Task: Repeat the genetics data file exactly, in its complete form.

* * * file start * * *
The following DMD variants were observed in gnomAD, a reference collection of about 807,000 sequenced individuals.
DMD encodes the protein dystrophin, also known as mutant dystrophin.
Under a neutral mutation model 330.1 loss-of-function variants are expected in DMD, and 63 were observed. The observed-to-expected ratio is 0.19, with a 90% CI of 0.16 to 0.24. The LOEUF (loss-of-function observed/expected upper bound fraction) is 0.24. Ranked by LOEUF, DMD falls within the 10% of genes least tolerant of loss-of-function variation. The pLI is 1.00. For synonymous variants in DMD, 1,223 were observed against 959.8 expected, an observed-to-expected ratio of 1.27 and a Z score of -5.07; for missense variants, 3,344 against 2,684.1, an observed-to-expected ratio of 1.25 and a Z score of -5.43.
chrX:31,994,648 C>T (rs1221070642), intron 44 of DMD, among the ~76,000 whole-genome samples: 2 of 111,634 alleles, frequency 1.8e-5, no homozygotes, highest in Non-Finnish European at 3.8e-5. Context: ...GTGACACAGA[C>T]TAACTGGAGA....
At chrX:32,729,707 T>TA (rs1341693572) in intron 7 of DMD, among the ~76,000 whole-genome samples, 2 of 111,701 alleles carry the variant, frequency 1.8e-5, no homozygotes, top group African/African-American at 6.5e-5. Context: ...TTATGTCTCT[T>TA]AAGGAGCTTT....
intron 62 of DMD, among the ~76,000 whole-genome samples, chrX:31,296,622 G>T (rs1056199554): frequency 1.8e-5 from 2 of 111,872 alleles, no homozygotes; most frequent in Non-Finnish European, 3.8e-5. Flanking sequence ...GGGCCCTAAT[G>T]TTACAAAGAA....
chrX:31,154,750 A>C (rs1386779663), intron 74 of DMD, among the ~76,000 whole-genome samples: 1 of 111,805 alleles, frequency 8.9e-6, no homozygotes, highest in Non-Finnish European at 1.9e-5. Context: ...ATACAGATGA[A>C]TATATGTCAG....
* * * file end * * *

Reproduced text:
The following DMD variants were observed in gnomAD, a reference collection of about 807,000 sequenced individuals.
DMD encodes the protein dystrophin, also known as mutant dystrophin.
Under a neutral mutation model 330.1 loss-of-function variants are expected in DMD, and 63 were observed. The observed-to-expected ratio is 0.19, with a 90% CI of 0.16 to 0.24. The LOEUF (loss-of-function observed/expected upper bound fraction) is 0.24. Ranked by LOEUF, DMD falls within the 10% of genes least tolerant of loss-of-function variation. The pLI is 1.00. For synonymous variants in DMD, 1,223 were observed against 959.8 expected, an observed-to-expected ratio of 1.27 and a Z score of -5.07; for missense variants, 3,344 against 2,684.1, an observed-to-expected ratio of 1.25 and a Z score of -5.43.
chrX:31,994,648 C>T (rs1221070642), intron 44 of DMD, among the ~76,000 whole-genome samples: 2 of 111,634 alleles, frequency 1.8e-5, no homozygotes, highest in Non-Finnish European at 3.8e-5. Context: ...GTGACACAGA[C>T]TAACTGGAGA....
At chrX:32,729,707 T>TA (rs1341693572) in intron 7 of DMD, among the ~76,000 whole-genome samples, 2 of 111,701 alleles carry the variant, frequency 1.8e-5, no homozygotes, top group African/African-American at 6.5e-5. Context: ...TTATGTCTCT[T>TA]AAGGAGCTTT....
intron 62 of DMD, among the ~76,000 whole-genome samples, chrX:31,296,622 G>T (rs1056199554): frequency 1.8e-5 from 2 of 111,872 alleles, no homozygotes; most frequent in Non-Finnish European, 3.8e-5. Flanking sequence ...GGGCCCTAAT[G>T]TTACAAAGAA....
chrX:31,154,750 A>C (rs1386779663), intron 74 of DMD, among the ~76,000 whole-genome samples: 1 of 111,805 alleles, frequency 8.9e-6, no homozygotes, highest in Non-Finnish European at 1.9e-5. Context: ...ATACAGATGA[A>C]TATATGTCAG....